One thing prosecutor Bugliosi did that I think wasn’t helpful was to describe the murders as perhaps the most nightmarish and savage in the annals of American crime, or words to that effect. To describe it as the crime of the century was, I’d say, accurate, for the reasons you stated and others. But to elevate its horror beyond that which many, many people had had to endure, in my opinion was wrong.
    And that leads to something that we frequently find in forums where a number of people that detest the killers will lean on the savagery of the murders or emphasize that the victims were killed in their own homes, as though it had never happened before and therefore must be worse, which somehow makes the killers worse than others and before you know it, Tate~LaBianca heads a kind of league table of murderous savagery and that gets regularly thrown up in discussions about rehabilitation.

  227. Cybele Moon says:

    I agree Fred. However, other murders similar to Tate Labianca have earned life without parole or sentences that run consecutively to make parole impossible in other states e.g. the Lillelid murders in Tennessee where teenage satanists set out to commit murder and ended up killing a family. The ringleader was a teenage girl (now claiming remorse) who suffered from BPD a recognized mental illness but was still tried as a competent adult. I happened to see that on one of those investigation programs. So for me it’s more about supporters going on about justice and how LVH is a political prisoner etc. or saying she is being treated unfairly because of the Manson name! News flash! She was a devoted Manson follower and did all his beckoning! It seems justice is different depending on which state is doing the sentencing.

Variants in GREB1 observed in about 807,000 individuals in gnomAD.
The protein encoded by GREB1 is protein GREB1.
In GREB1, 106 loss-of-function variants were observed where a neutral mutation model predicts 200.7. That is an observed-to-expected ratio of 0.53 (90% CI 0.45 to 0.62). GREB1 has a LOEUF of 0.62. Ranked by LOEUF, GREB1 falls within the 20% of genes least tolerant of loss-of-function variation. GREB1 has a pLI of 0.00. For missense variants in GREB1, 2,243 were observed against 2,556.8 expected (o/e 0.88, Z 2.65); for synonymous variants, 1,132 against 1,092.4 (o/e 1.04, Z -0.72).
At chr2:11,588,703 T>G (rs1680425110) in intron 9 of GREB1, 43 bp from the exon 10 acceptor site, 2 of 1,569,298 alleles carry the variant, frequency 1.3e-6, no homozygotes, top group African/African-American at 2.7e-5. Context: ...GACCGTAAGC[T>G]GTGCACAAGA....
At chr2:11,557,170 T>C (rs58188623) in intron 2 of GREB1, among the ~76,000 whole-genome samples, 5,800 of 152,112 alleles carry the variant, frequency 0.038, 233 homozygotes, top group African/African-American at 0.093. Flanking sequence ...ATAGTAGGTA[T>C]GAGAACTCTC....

228. Cybele Moon says:

    PS I meant to say bidding!!

  229. Paul says:

    Cybele, we have told you why we think she is a political prisoner. States like California and Tennessee differ in terms of their laws. Leslie has followed the requirements according to the California law to earn parole and she’s still detained even though she’s had the right to parole since 1978. You may not like it but our opinion come from looking at the evidence which is the law and Leslie progression. If she wasn’t in for murder I’m sure your viewpoint won’t come to the conclusion you have now.

  230. Cybele Moon says:

    you may be right about my opinion! and yes you are correct about Calif law. I do understand that. The rest is just my thoughts on it and what is justice broadly speaking!

  231. Paul says:

    Well at least your civil, doesn’t work for some in this discussion unfortunately.

  232. Flip says:

    Paul, I have to admit that it’s hard for me to take very seriously the opinions of an adult who doesn’t know the difference between “your” and “you’re”, or “fact” and “opinion”, or “proof” and “belief”.